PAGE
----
10. Celestron Skymaster
If your purpose for buying a pair of binoculars is long-range observation such as astronomy, then you can’t overlook the size of the aperture. This is why the Skymaster line of affordable binoculars from Celestron is the right option for those who want to take a serious gaze at the stars, albeit on a budget.
They are designed with undersized prisms, which cut down the effective aperture below the marketed number. The implication is that the images aren’t particularly sharp.
The quality control is another issue with binoculars from Celestron. Many units have been shipped with miscollimated prisms. Thankfully, the extra aperture, as well as the power offered make up for the underwhelming features.
How Do Binoculars Work?
Lenses are curved pieces of glass which affect the way light travels. When it hits a lens, it’s direction of travel is altered, slowing it down and making it bend.
There are many different types of lenses, but convex lenses are those which are used in binoculars. These lenses have a middle which is thicker than their outer edge, and thus attract the light to their centre. Essentially, this “converges” all the light into one place, making whatever you are looking at seem much larger.
Therefore, if you want to get a better view of something much farther away, it is best to put two convex lenses together to intensify the result. In simple terms, this is what binoculars are.
The first of the lenses receives the light from whatever you are pointing it at, and pulls all of it together, making the image larger. The second one receives this bigger image and repeats the process, making it even more magnified to the eye.
Of course, this works in reverse too. This is why if you have ever flipped binoculars the other way around, things appear much smaller when you look through the eyepieces.
However, the process doesn’t end there. The images created by the convex lenses are reversed, due to the way the light is bent when it hits the glass. In order to rectify that problem, binoculars have two glass prisms inside which are shaped like wedges. These prisms correct the image, each flipping it through 90 degrees so that by the time it reaches your eye, it has been turned the right way up.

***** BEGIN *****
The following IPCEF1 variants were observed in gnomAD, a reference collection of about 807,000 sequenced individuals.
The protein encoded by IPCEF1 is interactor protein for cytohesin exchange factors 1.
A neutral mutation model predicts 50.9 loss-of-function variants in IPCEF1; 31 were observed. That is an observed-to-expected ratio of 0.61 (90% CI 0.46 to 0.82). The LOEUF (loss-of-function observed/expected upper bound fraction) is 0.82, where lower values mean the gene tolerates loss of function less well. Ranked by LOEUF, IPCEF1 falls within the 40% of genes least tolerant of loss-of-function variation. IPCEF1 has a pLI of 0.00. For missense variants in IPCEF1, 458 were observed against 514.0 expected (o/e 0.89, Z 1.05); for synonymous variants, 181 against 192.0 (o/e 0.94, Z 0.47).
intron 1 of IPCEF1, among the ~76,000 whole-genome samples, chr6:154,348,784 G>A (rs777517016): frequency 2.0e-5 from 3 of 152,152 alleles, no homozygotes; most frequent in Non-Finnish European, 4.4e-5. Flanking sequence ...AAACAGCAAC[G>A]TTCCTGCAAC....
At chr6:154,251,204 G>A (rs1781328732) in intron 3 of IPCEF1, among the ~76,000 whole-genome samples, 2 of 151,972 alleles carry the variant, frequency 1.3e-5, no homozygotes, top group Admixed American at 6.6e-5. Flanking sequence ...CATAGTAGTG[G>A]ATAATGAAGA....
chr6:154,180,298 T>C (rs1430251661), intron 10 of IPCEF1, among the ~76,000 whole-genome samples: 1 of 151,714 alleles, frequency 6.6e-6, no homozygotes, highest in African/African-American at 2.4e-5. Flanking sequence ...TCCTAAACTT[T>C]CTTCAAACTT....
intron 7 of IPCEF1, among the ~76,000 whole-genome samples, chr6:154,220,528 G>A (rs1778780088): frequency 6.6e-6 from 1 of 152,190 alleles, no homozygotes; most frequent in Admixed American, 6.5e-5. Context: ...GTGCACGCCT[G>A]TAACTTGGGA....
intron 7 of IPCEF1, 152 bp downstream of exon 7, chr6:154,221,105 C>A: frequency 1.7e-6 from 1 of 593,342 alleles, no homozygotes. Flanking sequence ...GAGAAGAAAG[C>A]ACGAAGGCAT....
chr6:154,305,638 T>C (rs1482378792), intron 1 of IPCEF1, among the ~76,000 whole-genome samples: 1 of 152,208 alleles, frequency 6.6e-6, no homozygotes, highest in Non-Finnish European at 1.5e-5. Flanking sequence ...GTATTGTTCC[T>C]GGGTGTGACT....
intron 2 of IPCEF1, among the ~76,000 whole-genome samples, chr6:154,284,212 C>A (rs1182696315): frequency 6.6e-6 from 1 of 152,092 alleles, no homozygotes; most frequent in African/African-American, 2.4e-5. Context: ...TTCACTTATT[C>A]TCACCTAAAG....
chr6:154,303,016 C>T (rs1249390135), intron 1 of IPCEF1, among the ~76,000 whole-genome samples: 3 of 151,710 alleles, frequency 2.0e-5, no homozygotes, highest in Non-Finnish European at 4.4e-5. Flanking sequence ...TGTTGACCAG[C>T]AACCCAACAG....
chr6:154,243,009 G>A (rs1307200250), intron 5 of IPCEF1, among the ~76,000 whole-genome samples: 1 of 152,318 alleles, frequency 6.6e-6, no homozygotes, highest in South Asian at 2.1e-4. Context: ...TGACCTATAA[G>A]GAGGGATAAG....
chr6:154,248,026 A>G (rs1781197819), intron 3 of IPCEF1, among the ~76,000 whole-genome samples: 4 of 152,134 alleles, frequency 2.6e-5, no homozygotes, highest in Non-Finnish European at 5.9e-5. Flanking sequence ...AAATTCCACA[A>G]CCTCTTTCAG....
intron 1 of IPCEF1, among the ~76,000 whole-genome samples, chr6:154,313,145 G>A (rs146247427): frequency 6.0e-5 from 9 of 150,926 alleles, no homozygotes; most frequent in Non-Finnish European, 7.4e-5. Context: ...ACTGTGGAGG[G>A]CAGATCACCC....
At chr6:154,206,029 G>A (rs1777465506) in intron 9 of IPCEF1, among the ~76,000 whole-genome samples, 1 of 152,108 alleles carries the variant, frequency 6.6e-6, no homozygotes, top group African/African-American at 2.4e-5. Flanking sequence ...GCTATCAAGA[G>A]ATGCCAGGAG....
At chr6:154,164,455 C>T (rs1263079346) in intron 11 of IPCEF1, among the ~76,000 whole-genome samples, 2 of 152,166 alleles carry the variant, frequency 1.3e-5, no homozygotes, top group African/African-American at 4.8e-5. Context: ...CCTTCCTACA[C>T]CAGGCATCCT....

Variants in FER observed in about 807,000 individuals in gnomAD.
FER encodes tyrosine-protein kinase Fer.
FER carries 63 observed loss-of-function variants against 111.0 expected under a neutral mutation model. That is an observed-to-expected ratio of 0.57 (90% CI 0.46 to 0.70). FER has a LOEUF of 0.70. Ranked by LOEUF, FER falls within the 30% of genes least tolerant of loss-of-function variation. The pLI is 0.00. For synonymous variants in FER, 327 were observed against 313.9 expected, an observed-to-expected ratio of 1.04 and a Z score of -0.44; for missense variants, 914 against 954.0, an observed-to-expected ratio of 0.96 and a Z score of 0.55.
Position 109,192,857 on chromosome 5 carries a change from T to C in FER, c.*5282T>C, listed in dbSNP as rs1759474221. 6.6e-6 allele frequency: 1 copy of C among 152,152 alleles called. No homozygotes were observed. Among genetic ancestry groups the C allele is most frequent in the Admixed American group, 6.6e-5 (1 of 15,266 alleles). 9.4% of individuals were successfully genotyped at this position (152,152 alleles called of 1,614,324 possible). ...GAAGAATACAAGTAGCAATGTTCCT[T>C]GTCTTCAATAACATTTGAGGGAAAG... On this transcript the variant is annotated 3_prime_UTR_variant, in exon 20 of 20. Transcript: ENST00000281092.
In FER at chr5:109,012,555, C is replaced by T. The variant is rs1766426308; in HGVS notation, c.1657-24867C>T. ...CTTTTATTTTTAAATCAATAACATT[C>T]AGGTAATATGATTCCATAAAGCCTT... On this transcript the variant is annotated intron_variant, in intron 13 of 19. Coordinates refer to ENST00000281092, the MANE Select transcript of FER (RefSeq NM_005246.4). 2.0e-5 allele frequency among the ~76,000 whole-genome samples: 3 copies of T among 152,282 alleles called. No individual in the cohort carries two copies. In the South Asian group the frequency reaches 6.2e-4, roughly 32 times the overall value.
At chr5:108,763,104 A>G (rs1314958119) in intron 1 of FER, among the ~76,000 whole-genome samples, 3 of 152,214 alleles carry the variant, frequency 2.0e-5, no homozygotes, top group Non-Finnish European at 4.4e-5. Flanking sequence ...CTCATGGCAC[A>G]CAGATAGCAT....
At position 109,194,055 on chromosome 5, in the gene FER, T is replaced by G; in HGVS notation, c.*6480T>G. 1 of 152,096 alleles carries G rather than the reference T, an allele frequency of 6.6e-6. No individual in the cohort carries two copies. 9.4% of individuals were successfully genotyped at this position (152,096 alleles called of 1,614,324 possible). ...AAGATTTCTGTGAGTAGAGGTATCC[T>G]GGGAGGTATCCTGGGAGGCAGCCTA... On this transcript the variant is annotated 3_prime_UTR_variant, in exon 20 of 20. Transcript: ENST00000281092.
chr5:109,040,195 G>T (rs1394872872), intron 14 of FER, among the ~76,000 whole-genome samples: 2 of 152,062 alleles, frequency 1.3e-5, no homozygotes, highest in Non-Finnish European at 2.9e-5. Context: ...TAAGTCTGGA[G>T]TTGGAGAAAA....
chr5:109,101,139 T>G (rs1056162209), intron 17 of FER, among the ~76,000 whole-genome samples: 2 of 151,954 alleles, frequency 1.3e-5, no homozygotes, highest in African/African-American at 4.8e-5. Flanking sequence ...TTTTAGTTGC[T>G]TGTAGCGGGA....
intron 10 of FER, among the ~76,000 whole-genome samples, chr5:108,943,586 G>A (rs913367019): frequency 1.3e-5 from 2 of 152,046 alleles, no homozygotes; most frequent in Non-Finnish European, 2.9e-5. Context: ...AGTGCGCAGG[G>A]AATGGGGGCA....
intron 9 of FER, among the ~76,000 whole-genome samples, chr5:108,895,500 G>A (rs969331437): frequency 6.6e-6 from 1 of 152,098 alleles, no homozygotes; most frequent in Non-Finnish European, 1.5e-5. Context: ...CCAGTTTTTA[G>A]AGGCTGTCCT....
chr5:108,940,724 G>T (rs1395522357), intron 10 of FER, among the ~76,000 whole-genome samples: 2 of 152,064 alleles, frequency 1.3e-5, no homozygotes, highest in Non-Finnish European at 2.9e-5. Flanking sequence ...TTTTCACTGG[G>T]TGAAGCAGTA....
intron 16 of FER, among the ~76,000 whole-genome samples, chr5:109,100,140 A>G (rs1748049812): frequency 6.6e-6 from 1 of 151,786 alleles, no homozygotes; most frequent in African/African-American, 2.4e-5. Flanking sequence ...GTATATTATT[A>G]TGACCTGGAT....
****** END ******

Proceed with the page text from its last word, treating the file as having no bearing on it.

As you have probably noticed, binoculars require the use of a lot of high-quality glass components to work effectively. For this reason, binoculars are generally bulky and the most powerful models can be very heavy.
How can I keep my binoculars clean?
If you spend most of your time on the trail, chances are you’re going to be taking your binoculars almost everywhere with you. At some point, the device is going to get dirty and require some cleaning. However, you need to be careful how you handle this as there is a fragile and sensitive coating on the lens that can be damaged if you’re too rough.
The general rule of thumb when it comes to cleaning binoculars is to do it as seldom as possible. You can get a soft cleaning brush to go gently over the lens as you try to get rid of any specks of dust.
Start by removing any large specks on the lens before gently proceeding to the finer ones using soft and circular cleaning motions. But if this does not eliminate the dirt, you can purchase a special cleaning fluid to get the job done more effectively. Note that thorough cleaning should only be performed once in a blue moon and always remember to put the caps back on when you’re done using the binoculars.
A good pair of binoculars is a must-have for any birder, so don’t miss out on the immense opportunity for discovery when looking to the sky’s and trees, trying to spot these feathered, flying and awe-inspiring creatures!